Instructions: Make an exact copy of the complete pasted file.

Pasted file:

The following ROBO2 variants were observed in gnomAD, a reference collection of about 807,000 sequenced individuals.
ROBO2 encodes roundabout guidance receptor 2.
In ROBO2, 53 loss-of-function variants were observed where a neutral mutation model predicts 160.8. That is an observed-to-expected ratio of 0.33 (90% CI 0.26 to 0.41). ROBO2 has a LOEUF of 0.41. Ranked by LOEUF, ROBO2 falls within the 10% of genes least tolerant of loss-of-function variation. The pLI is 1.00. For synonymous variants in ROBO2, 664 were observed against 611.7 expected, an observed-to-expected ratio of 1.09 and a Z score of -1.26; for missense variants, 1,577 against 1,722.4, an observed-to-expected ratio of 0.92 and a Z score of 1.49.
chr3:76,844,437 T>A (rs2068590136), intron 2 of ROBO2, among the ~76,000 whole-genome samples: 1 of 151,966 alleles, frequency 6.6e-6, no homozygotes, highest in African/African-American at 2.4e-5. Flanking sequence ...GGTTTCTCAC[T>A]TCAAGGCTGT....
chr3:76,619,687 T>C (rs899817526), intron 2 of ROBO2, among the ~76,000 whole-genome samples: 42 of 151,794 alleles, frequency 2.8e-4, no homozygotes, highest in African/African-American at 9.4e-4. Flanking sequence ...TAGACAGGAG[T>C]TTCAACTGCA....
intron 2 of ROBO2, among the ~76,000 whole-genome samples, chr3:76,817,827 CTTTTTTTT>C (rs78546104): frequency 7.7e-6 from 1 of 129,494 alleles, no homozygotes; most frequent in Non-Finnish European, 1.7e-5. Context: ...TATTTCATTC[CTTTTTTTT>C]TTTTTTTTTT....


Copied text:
The following ROBO2 variants were observed in gnomAD, a reference collection of about 807,000 sequenced individuals.
ROBO2 encodes roundabout guidance receptor 2.
In ROBO2, 53 loss-of-function variants were observed where a neutral mutation model predicts 160.8. That is an observed-to-expected ratio of 0.33 (90% CI 0.26 to 0.41). ROBO2 has a LOEUF of 0.41. Ranked by LOEUF, ROBO2 falls within the 10% of genes least tolerant of loss-of-function variation. The pLI is 1.00. For synonymous variants in ROBO2, 664 were observed against 611.7 expected, an observed-to-expected ratio of 1.09 and a Z score of -1.26; for missense variants, 1,577 against 1,722.4, an observed-to-expected ratio of 0.92 and a Z score of 1.49.
chr3:76,844,437 T>A (rs2068590136), intron 2 of ROBO2, among the ~76,000 whole-genome samples: 1 of 151,966 alleles, frequency 6.6e-6, no homozygotes, highest in African/African-American at 2.4e-5. Flanking sequence ...GGTTTCTCAC[T>A]TCAAGGCTGT....
chr3:76,619,687 T>C (rs899817526), intron 2 of ROBO2, among the ~76,000 whole-genome samples: 42 of 151,794 alleles, frequency 2.8e-4, no homozygotes, highest in African/African-American at 9.4e-4. Flanking sequence ...TAGACAGGAG[T>C]TTCAACTGCA....
intron 2 of ROBO2, among the ~76,000 whole-genome samples, chr3:76,817,827 CTTTTTTTT>C (rs78546104): frequency 7.7e-6 from 1 of 129,494 alleles, no homozygotes; most frequent in Non-Finnish European, 1.7e-5. Context: ...TATTTCATTC[CTTTTTTTT>C]TTTTTTTTTT....